Genesys Cloud CX

Genesys Cloud CX™ cloud contact center software transforms your customer experience. It connects data across teams, tools, interactions so you have actionable insights to address customers problems with ease on any channel, at any...Read more about Genesys Cloud CX


Trying to manage your field service team with pen and paper or Excel spreadsheets? Workiz is designed for growing field service teams who need to streamline their business. We provide an all-in-one platform that makes scheduling,...Read more about Workiz

Buyers Guide

Last Updated: November 07, 2023

Interactive voice response (IVR) systems are a foundational technology for inbound contact centers. They allow callers to complete tasks over the phone, either via voice response or numerical keypad input.

IVR software can dramatically streamline the performance of a contact center—particularly when used in conjunction with customer relationship management (CRM) software. But it isn’t the best fit for all business models. IVR systems offer complex, specialized functionality, and are packaged in different ways by different vendors.

That’s why we’ve written this guide to help you better understand which systems will work best for your needs. In it, we’ll cover the following topics:

What Is IVR Software?

Benefits of Using IVR Software

Common Functionality

IVR Systems vs. Auto-Attendants

Best-of-Breed Systems vs. Contact Center Suites

What Is IVR Software?

IVR software accomplishes two major goals:

  • It helps callers help themselves through “self-service.” These systems provide automated menus that allow callers to complete tasks without assistance from support agents.

  • In conjunction with an automated call distribution (ACD) system, an IVR system helps route callers to the right support agent when their needs can’t be met by self-service options. (An ACD system parks incoming calls in a queue until agents are available to answer, and then distributes calls to agents using rules that factor in agent skills, performance metrics, etc.) For instance, if a caller says or enters the numerical option for “billing” using the IVR system, they’ll be routed into the call queue (controlled by the ACD system) for an agent in that department.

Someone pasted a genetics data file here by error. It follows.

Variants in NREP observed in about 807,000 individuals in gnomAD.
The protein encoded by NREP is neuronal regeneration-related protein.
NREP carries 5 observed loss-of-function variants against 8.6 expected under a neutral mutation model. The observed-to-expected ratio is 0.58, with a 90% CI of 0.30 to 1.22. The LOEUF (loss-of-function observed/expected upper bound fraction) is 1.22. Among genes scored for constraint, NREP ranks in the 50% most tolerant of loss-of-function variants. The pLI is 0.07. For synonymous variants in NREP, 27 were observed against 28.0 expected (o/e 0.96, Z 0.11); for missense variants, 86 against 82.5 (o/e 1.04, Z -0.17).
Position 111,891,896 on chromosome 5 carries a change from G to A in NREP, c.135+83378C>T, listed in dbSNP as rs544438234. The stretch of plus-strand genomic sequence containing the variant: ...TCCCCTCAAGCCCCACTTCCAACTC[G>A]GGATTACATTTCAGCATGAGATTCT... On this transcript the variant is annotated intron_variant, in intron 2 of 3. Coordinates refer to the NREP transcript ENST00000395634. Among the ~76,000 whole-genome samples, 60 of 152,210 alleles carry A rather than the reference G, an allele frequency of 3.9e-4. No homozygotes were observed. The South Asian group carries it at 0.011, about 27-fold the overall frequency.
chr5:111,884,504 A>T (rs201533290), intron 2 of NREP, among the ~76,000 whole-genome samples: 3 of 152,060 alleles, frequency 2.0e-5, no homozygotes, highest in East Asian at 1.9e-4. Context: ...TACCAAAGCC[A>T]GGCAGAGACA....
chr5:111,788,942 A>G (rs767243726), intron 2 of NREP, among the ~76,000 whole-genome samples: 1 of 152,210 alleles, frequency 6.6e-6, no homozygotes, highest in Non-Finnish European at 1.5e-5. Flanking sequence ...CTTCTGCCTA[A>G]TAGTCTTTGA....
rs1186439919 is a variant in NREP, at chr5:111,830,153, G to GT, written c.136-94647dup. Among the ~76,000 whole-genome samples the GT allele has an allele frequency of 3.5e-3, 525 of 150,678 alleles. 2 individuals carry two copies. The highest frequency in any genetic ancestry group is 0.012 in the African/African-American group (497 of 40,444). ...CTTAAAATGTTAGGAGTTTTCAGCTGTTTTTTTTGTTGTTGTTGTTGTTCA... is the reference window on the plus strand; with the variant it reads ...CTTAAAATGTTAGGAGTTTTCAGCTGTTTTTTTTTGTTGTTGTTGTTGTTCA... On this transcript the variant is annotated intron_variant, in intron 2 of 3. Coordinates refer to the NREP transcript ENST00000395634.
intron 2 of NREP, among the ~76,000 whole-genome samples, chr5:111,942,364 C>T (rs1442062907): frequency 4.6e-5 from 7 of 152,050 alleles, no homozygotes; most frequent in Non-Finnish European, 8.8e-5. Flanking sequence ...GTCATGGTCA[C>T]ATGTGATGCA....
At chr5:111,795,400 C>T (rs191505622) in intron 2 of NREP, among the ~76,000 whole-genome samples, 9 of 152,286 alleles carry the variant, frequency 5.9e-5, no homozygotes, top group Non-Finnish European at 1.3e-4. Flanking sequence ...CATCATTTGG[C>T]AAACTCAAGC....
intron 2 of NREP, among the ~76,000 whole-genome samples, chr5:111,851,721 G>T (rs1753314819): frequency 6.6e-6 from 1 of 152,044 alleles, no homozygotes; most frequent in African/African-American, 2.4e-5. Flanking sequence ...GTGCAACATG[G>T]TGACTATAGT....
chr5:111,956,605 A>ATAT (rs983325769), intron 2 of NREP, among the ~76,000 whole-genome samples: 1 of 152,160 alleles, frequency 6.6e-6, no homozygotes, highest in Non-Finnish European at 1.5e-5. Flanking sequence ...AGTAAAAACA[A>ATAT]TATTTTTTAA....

IVR systems follow a branching menu structure known as a “menu tree.” The top-level menu may include options for, say, “support” and “billing.” If the caller selects “support,” they’ll be funneled into a submenu that contains numerous self-service options for support issues (e.g., instructions on how to reset a device). If these options don’t meet the caller’s needs, the caller will be routed to a support agent.

Branching Prompts in an IVR Menu Tree


As mentioned, the IVR menu tree also assists in call routing through integration with ACD systems, which use callers’ spoken or touch-tone responses as they navigate the IVR system to route calls to the right agent.

Benefits of Using IVR Software

Customers may not know what the term “IVR” means—but they do know what they like and don’t like, and many perceive IVR technology as annoying and difficult to use. So why does your call center need an IVR system in the first place?

The answer is that IVR can cut down on the number of calls agents have to handle by enabling callers to resolve certain issues through self-service options. By reducing the overall number of calls your contact center handles, you can slash your top expense: personnel.

Moreover, even though consumers tend to dislike IVR technology, they probably aren’t thinking through the alternative: a drawn-out interaction with a support agent. When we interviewed call center benchmarking expert Bruce Belfiore about IVR design best practices, he noted that some consumers (particularly younger callers) prefer to avoid interacting with a support agent whenever possible. These callers actually prefer IVR and other self-service technologies.

Additionally, even if an IVR system isn’t able to fully meet a caller’s needs, it can still automate the initial steps of collecting information and routing the caller to the right group of agents. Without an IVR, these steps would need to be handled by human workers—increasing the number of transfers (and, most likely, the caller’s level of frustration) before getting the call to the right agent.

Simply think back to the times you’ve been bounced around like a ping-pong ball between multiple contact center agents who couldn’t answer your question, and you’ll quickly realize the value of IVR.

Common Functionality

The following list of IVR capabilities includes standard offerings of most systems. This list also includes more advanced capabilities offered by niche vendors or enabled via integrations with other contact center applications:

Visual IVR designer